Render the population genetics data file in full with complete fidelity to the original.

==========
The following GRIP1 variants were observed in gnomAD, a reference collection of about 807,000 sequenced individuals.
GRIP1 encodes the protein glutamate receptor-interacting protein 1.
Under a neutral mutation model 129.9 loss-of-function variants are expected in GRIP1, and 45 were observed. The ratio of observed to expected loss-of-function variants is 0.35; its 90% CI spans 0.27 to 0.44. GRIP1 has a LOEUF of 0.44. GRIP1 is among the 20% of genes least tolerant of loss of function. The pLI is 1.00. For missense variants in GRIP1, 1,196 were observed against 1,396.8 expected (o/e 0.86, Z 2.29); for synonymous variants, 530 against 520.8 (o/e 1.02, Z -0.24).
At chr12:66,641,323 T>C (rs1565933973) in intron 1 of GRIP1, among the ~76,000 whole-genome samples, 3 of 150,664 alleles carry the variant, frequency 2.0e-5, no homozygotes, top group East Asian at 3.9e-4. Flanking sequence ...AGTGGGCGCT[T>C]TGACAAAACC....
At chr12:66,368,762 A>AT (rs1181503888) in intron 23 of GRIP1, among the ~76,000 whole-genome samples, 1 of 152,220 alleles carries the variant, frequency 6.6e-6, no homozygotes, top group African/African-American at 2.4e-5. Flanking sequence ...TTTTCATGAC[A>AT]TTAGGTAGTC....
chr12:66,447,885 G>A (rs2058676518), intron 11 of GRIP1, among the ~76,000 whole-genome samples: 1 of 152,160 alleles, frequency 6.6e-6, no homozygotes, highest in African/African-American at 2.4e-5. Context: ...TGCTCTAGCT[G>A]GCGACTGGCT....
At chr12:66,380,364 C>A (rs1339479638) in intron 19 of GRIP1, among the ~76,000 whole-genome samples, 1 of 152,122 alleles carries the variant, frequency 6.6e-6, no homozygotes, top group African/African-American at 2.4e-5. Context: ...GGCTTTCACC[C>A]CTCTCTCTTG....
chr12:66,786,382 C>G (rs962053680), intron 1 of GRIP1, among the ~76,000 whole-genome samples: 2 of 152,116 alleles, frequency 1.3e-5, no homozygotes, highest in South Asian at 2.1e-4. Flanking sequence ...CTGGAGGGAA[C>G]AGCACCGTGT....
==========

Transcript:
The following GRIP1 variants were observed in gnomAD, a reference collection of about 807,000 sequenced individuals.
GRIP1 encodes the protein glutamate receptor-interacting protein 1.
Under a neutral mutation model 129.9 loss-of-function variants are expected in GRIP1, and 45 were observed. The ratio of observed to expected loss-of-function variants is 0.35; its 90% CI spans 0.27 to 0.44. GRIP1 has a LOEUF of 0.44. GRIP1 is among the 20% of genes least tolerant of loss of function. The pLI is 1.00. For missense variants in GRIP1, 1,196 were observed against 1,396.8 expected (o/e 0.86, Z 2.29); for synonymous variants, 530 against 520.8 (o/e 1.02, Z -0.24).
At chr12:66,641,323 T>C (rs1565933973) in intron 1 of GRIP1, among the ~76,000 whole-genome samples, 3 of 150,664 alleles carry the variant, frequency 2.0e-5, no homozygotes, top group East Asian at 3.9e-4. Flanking sequence ...AGTGGGCGCT[T>C]TGACAAAACC....
At chr12:66,368,762 A>AT (rs1181503888) in intron 23 of GRIP1, among the ~76,000 whole-genome samples, 1 of 152,220 alleles carries the variant, frequency 6.6e-6, no homozygotes, top group African/African-American at 2.4e-5. Flanking sequence ...TTTTCATGAC[A>AT]TTAGGTAGTC....
chr12:66,447,885 G>A (rs2058676518), intron 11 of GRIP1, among the ~76,000 whole-genome samples: 1 of 152,160 alleles, frequency 6.6e-6, no homozygotes, highest in African/African-American at 2.4e-5. Context: ...TGCTCTAGCT[G>A]GCGACTGGCT....
At chr12:66,380,364 C>A (rs1339479638) in intron 19 of GRIP1, among the ~76,000 whole-genome samples, 1 of 152,122 alleles carries the variant, frequency 6.6e-6, no homozygotes, top group African/African-American at 2.4e-5. Context: ...GGCTTTCACC[C>A]CTCTCTCTTG....
chr12:66,786,382 C>G (rs962053680), intron 1 of GRIP1, among the ~76,000 whole-genome samples: 2 of 152,116 alleles, frequency 1.3e-5, no homozygotes, highest in South Asian at 2.1e-4. Flanking sequence ...CTGGAGGGAA[C>G]AGCACCGTGT....